is a 3rd-person shooter designed for teens and young adults with cancer, developed by HopeLab
and RealTime Associates
. Players pilot a nanobot, Roxxi, through the
body of a fictional cancer patient to destroy cancer cells and infections. The Re-Mission Outcomes Study
enrolled 375 teens and young adults with cancer, randomized them to receive a computer with the game or without. Data from the study showed statistically significant improvements in cancer-related self-efficacy, social quality of life, cancer-specific knowledge, and adherence to prescribed medication regimens in patients who played Re-Mission. The game (and related online community
) is free of charge to teens and young people living with cancer
and will be available to others in May at a suggested donation of $20. (related
posted by sarahnade
on Apr 27, 2006 -
Italian & German researchers have created a "neuro-chip" for linking computers with mammalian neurons (A NewScientist
). They added neuron gluing proteins to the chip to attract the sodium pores, and genetically modified the neurons to add more sodium pores.
In the short term, the work is expected to aid the pharmaceutical industry in testing the effects of drugs on neurons, assist basic research into the workings of the brain, and perhaps help treat neurological disorders. In the long term, numerous sci-fi technologies are slightly closers, such as computers with living components, useful brain implants, and Beowulf clusters of humans.
posted by jeffburdges
on Mar 29, 2006 -
Nova Science Now
recently ran a segment on lightning (quicktime, real, and windows video here
). I figured that subject was over and done with shortly after Franklin flew a kite, but it turns out we don't really know exactly what causes a bolt to start
. The coolest part of the segment was these researchers in Florida
. Scientists know how hard it was to observe, monitor, and even find lightning bolts, so these guys built their own rig. High-powered model rockets attached to a couple thousand feet of wire, which is grounded to larger metal structures on the ground. The result? Shoot a rocket into a storm cloud and you get instant lightning you can count on, measure, and control
posted by mathowie
on Oct 22, 2005 -
Foil the paparazzi
Georgia Tech researchers come up with a system that senses nearby digital imaging devices, and fires a beam of light at 'em, foiling attempts to take pictures of 'ya. More high-tech (but less entertaining) than having Sean Penn smash the paparazzi cameras.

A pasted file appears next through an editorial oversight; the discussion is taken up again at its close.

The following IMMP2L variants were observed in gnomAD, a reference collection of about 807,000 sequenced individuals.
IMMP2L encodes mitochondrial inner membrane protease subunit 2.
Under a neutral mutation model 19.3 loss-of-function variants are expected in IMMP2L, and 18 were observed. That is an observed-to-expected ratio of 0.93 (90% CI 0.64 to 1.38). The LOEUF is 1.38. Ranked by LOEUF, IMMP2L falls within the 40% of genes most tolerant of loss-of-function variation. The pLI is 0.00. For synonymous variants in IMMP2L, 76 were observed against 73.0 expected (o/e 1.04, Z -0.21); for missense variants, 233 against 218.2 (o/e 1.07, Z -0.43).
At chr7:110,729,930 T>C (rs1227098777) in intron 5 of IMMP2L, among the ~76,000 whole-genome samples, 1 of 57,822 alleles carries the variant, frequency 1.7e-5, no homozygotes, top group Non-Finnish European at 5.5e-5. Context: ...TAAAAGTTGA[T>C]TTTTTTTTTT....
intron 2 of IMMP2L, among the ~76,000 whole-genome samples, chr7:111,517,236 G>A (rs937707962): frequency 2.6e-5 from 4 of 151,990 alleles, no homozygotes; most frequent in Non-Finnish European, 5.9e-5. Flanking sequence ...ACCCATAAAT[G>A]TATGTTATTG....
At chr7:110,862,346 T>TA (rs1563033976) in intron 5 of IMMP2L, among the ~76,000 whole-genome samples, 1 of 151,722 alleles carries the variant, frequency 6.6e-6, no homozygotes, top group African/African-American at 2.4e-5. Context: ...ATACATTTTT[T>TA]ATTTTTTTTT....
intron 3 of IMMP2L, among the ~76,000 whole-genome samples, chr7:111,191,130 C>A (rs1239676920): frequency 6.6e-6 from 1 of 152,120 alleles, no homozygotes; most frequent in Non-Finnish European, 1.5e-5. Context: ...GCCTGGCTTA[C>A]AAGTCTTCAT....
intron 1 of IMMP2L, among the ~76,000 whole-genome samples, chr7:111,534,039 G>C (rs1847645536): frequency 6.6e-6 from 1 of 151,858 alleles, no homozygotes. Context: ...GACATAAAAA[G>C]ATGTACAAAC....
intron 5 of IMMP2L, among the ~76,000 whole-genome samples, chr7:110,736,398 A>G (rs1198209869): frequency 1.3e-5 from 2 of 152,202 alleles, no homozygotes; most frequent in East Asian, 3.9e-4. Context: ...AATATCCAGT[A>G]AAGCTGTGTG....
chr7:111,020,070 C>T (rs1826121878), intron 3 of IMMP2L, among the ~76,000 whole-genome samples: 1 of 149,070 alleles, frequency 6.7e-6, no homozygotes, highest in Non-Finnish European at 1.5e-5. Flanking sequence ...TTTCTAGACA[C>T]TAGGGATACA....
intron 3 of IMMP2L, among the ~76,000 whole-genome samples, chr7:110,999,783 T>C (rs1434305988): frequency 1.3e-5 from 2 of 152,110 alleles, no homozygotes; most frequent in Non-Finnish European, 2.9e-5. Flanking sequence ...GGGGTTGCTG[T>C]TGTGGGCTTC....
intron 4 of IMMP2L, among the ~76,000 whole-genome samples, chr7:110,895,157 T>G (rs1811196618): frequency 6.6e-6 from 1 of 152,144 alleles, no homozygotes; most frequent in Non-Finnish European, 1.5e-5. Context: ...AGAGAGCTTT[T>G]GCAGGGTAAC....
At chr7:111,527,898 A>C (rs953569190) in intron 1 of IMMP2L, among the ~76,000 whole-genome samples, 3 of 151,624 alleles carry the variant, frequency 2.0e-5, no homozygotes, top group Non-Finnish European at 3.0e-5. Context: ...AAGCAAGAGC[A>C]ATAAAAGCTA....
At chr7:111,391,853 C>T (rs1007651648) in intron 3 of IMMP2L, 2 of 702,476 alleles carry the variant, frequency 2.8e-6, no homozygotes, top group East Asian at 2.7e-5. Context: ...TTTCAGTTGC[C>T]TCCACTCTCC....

posted by RonZ
on Sep 19, 2005 -
is a blog spidering search engine that seems designed to allow users to track trends over time (mentions, say, of "pepsi blue" vs "coke zero" over the last 60 days
). It's an interesting, if highly unscientific, use of bloggers writings as informal market research. No word on how many blogs are in their index, nor whether they're collecting any available demographic data on the bloggers (where such information is even available, that is).
posted by jonson
on Sep 11, 2005 -
I posted the story
about how researchers had discovered that both sexes cared about appearance when selecting dates. Today Stanford
(!!) releases the startling discovery that cars get hot when parked in the sun. Meanwhile K State learns that women feel better
about their bodies when complemented, and the other shocker story is that problem gamblers share traits with substance abusers
. And how about that New Scientist story about the fact we're entering a dark age
? So what's up with science lately, particularly in America?
posted by Fozzie
on Jul 5, 2005 -
The Logic of Diversity
"A new book, The Wisdom of Crowds
] by The New Yorker
columnist James Surowiecki, has recently popularized the idea that groups can, in some ways, be smarter than their members, which is superficially similar to Page's results
. While Surowiecki gives many examples of what one might call collective cognition, where groups out-perform isolated individuals, he really has only one explanation for this phenomenon, based on one of his examples: jelly beans [...